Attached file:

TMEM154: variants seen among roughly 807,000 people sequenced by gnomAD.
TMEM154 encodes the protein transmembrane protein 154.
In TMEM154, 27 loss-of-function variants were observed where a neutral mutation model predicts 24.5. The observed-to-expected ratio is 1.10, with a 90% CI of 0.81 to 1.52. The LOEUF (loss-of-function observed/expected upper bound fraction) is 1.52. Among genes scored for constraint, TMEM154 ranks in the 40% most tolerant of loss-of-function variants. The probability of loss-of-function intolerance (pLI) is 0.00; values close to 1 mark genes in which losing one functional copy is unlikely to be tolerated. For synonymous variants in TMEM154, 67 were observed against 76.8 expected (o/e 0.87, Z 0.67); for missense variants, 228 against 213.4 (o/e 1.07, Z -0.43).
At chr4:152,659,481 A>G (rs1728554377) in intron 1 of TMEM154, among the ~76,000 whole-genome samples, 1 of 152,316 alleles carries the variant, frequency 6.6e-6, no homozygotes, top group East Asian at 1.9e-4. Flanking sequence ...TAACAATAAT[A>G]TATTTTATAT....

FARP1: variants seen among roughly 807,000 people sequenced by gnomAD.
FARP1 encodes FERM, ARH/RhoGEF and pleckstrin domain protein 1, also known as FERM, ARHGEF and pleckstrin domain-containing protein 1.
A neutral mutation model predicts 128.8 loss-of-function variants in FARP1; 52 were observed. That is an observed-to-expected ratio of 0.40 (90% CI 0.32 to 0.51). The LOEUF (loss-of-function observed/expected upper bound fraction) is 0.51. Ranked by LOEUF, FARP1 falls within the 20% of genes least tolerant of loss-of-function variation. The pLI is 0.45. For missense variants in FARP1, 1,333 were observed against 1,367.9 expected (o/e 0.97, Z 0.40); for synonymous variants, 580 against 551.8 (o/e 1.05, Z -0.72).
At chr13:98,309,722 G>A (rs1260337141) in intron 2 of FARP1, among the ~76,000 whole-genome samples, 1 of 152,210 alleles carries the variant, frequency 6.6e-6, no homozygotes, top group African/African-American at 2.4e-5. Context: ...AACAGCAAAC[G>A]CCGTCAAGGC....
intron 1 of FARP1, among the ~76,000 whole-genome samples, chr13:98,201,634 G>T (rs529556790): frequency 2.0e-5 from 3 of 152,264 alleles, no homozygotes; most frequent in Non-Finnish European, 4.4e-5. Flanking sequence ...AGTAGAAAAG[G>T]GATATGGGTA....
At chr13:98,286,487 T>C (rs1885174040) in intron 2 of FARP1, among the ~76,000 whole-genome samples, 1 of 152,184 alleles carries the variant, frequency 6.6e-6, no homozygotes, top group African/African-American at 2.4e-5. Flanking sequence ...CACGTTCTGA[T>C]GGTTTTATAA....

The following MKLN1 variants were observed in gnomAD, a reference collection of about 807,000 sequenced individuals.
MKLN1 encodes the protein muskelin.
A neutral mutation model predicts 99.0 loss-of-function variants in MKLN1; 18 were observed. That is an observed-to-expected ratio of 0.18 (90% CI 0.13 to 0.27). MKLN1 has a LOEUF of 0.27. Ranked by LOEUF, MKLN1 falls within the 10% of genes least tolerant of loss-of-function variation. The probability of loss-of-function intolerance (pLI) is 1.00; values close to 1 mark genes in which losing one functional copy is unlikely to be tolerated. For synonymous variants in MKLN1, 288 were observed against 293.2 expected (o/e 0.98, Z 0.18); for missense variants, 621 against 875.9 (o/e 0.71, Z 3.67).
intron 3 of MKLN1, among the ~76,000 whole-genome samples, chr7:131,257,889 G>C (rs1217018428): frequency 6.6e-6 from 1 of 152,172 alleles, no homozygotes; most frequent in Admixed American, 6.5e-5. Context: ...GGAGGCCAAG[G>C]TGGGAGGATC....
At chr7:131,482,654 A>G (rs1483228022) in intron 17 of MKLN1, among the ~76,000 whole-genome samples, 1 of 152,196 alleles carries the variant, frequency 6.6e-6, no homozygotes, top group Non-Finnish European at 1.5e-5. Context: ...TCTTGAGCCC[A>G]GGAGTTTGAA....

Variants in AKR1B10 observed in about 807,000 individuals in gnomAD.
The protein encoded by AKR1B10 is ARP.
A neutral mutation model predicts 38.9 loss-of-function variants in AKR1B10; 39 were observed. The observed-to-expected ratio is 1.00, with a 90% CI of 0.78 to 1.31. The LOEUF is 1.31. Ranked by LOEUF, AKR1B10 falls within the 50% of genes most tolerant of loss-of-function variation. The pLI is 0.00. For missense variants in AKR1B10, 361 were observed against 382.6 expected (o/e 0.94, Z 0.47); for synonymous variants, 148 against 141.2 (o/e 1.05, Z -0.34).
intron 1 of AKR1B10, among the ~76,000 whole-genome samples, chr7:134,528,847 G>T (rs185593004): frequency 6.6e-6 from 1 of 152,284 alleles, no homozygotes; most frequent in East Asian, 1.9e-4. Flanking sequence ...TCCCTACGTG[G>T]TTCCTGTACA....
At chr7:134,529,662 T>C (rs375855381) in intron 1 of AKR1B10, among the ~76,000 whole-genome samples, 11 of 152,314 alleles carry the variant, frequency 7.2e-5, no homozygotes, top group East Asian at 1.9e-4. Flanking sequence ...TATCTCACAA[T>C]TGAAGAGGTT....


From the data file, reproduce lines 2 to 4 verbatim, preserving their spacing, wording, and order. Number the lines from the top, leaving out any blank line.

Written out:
TMEM154 encodes the protein transmembrane protein 154.
In TMEM154, 27 loss-of-function variants were observed where a neutral mutation model predicts 24.5. The observed-to-expected ratio is 1.10, with a 90% CI of 0.81 to 1.52. The LOEUF (loss-of-function observed/expected upper bound fraction) is 1.52. Among genes scored for constraint, TMEM154 ranks in the 40% most tolerant of loss-of-function variants. The probability of loss-of-function intolerance (pLI) is 0.00; values close to 1 mark genes in which losing one functional copy is unlikely to be tolerated. For synonymous variants in TMEM154, 67 were observed against 76.8 expected (o/e 0.87, Z 0.67); for missense variants, 228 against 213.4 (o/e 1.07, Z -0.43).
At chr4:152,659,481 A>G (rs1728554377) in intron 1 of TMEM154, among the ~76,000 whole-genome samples, 1 of 152,316 alleles carries the variant, frequency 6.6e-6, no homozygotes, top group East Asian at 1.9e-4. Flanking sequence ...TAACAATAAT[A>G]TATTTTATAT....